They received the prize for their foundational contributions to theoretical computer science and discrete mathematics, and their leading role in shaping them into central fields of modern mathematics.
The theory of ‘computational complexity’ – which concerns itself with the speed and efficiency of algorithms – first emerged in the 1970s and is now an established field of both mathematics and theoretical computer science. Computational complexity is now a very important field, providing the theoretical basis for internet security. Also in the 1970s, a new generation of mathematicians realised that discrete mathematics had a new area of application in computer science. Today algorithms and internet security applications are an integral part of everyday life for all of us.
“Lovász and Wigderson have been leading forces in this development over the last few decades. Their work interlaces in many ways, and, in particular,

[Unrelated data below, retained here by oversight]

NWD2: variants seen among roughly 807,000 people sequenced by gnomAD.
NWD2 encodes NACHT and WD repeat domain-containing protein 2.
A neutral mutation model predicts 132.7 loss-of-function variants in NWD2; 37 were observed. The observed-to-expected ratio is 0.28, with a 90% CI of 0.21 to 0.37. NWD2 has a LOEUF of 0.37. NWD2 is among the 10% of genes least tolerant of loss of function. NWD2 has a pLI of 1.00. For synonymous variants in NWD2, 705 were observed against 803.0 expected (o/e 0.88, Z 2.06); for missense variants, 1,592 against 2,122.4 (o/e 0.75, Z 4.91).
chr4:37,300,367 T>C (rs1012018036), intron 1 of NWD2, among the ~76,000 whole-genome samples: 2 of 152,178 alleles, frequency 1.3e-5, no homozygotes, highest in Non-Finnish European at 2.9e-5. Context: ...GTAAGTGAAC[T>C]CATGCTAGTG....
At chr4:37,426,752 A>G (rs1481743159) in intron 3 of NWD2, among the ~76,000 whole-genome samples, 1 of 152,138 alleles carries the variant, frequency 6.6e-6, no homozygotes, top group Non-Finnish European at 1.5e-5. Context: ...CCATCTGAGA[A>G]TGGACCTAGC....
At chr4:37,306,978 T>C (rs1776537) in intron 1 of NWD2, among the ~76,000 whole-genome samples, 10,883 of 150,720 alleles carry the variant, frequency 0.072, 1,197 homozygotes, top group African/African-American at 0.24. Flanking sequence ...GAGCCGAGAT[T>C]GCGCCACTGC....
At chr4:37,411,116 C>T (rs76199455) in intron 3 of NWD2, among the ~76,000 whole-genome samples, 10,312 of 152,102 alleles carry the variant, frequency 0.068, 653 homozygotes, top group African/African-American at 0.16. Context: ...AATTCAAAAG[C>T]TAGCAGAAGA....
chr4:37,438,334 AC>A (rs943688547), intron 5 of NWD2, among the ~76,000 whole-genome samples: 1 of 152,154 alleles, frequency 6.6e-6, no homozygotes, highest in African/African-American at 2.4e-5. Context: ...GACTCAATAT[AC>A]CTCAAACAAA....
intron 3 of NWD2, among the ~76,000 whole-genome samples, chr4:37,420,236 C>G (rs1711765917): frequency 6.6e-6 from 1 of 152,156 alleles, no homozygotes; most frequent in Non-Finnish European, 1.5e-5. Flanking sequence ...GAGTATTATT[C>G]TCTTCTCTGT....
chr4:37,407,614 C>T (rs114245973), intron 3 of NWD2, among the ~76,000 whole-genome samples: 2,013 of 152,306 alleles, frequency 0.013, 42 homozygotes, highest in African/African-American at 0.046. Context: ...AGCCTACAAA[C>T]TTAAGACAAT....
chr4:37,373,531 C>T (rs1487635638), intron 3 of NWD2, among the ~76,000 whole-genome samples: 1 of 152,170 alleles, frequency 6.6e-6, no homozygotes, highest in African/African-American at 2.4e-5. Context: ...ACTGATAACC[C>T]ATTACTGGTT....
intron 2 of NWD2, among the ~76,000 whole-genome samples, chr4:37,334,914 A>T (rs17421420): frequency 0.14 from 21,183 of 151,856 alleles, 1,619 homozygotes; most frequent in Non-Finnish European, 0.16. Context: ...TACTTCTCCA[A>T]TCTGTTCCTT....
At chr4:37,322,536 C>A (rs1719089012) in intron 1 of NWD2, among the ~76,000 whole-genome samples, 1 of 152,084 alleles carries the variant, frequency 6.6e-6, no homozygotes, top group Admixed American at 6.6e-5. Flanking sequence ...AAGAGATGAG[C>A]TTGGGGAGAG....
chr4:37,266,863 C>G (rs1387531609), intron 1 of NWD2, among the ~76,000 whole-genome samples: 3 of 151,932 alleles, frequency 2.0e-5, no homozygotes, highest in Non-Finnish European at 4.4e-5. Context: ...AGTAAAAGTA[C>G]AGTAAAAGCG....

they have both made fundamental contributions to understanding randomness in computation and in exploring the boundaries of efficient computation,”
says Hans Munthe-Kaas, chair of the Abel Committee. He continues: “Thanks to the ground-breaking work of these two, discrete mathematics and the relatively young field of theoretical computer science are now firmly established as central areas of modern mathematics.”
If you want to read the full article about the award of the famous Hungarian mathematician, click here!